Testing for chlamydia is really simple, painless and doesn’t necessarily require a physical examination by a nurse or doctor.

The test is done with either a urine test or a swab test. The swab looks like a small cotton bud which is wiped over the parts of the body that could be infected. This could be inside the vagina or from the tip of the penis. Very often you can take the swab from inside the vagina yourself. A doctor or nurse may take the swab from the tip of the penis or if you have had oral or anal sex then a swab may be taken from either your throat or rectum. Taking the swab may be  slightly uncomfortable but should not be  painful.

You may be advised to have another test two weeks after having sex. Cervical smear tests and routine blood tests will not detect chlamydia.

Chlamydia testing is free and you can get one at Brook services, other young people's services, GUM or sexual health clinics or at some GP surgeries.

Under 25s can get also get tested for free as part of the National Chlamydia Screening Programme in a range of setting from pharmacies to colleges. You can request a chlamydia test annually or whenever you change your sexual partner.

It is possible to buy chlamydia self-tests to do at home but the accuracy of these tests can vary. Some are very accurate if you carefully follow the instructions. Others are less reliable. Get advice from your nearest Brook clinic, GUM or sexual health clinic, GP or pharmacy if you’re unsure.

Treatment of chlamydia

Chlamydia is treated with a course of antibiotics. The two most commonly prescribed treatments are:

You may be given treatment if you have symptoms which suggest that you could potentially have chlamydia, even if the results of your test have not come back yet.  You will always be offered treatment if your partner is found to have chlamydia.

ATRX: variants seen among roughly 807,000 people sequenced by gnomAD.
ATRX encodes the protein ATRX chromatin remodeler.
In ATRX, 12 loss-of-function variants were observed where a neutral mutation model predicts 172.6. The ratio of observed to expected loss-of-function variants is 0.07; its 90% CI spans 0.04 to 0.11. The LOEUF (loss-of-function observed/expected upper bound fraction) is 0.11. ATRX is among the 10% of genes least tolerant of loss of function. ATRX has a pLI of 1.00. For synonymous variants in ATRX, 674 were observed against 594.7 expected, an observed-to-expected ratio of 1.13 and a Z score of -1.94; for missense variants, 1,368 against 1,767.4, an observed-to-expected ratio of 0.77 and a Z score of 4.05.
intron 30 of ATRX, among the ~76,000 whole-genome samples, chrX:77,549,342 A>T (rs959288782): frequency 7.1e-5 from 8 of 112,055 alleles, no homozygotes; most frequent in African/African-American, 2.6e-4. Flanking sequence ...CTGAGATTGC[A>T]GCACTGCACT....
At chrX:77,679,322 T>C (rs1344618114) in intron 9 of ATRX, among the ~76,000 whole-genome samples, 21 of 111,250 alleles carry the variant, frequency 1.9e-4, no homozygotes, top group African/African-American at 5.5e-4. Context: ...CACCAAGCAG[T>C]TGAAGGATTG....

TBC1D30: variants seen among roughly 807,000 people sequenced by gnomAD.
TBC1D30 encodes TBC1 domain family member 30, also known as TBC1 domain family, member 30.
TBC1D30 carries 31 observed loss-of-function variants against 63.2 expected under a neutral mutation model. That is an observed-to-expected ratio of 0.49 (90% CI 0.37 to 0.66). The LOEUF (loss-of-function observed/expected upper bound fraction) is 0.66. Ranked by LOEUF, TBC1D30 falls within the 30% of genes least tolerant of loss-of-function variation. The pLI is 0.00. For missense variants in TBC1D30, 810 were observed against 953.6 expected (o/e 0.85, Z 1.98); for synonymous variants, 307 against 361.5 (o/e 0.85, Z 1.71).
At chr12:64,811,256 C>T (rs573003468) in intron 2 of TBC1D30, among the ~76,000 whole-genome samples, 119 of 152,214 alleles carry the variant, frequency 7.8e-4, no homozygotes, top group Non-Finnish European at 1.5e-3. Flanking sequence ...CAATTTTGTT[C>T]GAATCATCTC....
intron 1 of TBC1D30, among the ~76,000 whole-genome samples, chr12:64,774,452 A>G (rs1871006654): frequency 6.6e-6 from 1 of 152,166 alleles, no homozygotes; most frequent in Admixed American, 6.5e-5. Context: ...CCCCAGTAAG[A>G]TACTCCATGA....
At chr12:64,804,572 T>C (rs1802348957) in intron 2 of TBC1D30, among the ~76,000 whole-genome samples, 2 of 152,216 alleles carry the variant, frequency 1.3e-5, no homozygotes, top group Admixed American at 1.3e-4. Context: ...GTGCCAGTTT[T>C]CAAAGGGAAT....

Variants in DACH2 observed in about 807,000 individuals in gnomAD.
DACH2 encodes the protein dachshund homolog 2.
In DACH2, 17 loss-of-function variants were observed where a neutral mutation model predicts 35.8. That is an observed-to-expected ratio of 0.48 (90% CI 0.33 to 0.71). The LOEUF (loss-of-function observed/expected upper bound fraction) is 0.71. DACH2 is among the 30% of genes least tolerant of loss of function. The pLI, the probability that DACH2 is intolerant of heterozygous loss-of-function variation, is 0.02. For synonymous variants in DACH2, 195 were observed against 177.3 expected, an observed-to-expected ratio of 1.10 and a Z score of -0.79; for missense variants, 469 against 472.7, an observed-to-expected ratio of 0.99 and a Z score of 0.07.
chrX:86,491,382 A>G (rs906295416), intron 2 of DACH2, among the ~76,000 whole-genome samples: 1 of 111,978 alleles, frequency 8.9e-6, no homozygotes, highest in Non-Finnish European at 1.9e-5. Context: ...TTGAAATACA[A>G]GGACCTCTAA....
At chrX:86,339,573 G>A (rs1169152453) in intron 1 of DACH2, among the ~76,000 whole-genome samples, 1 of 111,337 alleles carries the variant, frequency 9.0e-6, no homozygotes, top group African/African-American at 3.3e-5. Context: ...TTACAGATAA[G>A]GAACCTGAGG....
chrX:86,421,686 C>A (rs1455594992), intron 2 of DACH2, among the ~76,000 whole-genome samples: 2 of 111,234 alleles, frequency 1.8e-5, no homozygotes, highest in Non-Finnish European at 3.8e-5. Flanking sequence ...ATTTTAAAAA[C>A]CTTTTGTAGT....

Most antibiotics are safe to use with hormonal contraception (like the pill, patch, injection or implant) but talk to the person prescribing the treatment to make sure.

Tell the nurse or doctor if you are pregnant or think you may be, or if you are breastfeeding. This will affect the type of antibiotic you are given.

Side effects are usually very mild but may include stomach ache, diarrhoea, feeling sick and thrush.

If you had symptoms, you should notice improvements quite quickly. You should go back to where you had your test if:

  • The symptoms don’t improve within a week
  • You have unprotected sex again
  • You had unprotected sex with your partner before the treatment was finished
  • You did not follow the instructions or complete the treatment
  • The test was negative, but you develop signs and symptoms of chlamydia

You shouldn’t have sex for seven days after your treatment, to prevent you being re-infected or passing the infection on.

It is important that you tell your current and any recent sexual partners that you are being treated for chlamydia, so that they go for treatment too. In the UK it is recommended you tell any sexual partners you have had over the last six months. The staff at Brook or sexual health clinics can help if you find it hard to talk to them about chlamydia.

Some clinics may also offer to contact your partner using what’s called a ‘contact slip’. This is to warn them they may have been exposed and to recommend they get tested and it doesn’t mention your name.

Page last reviewed: May 2015
Next review due: May 2017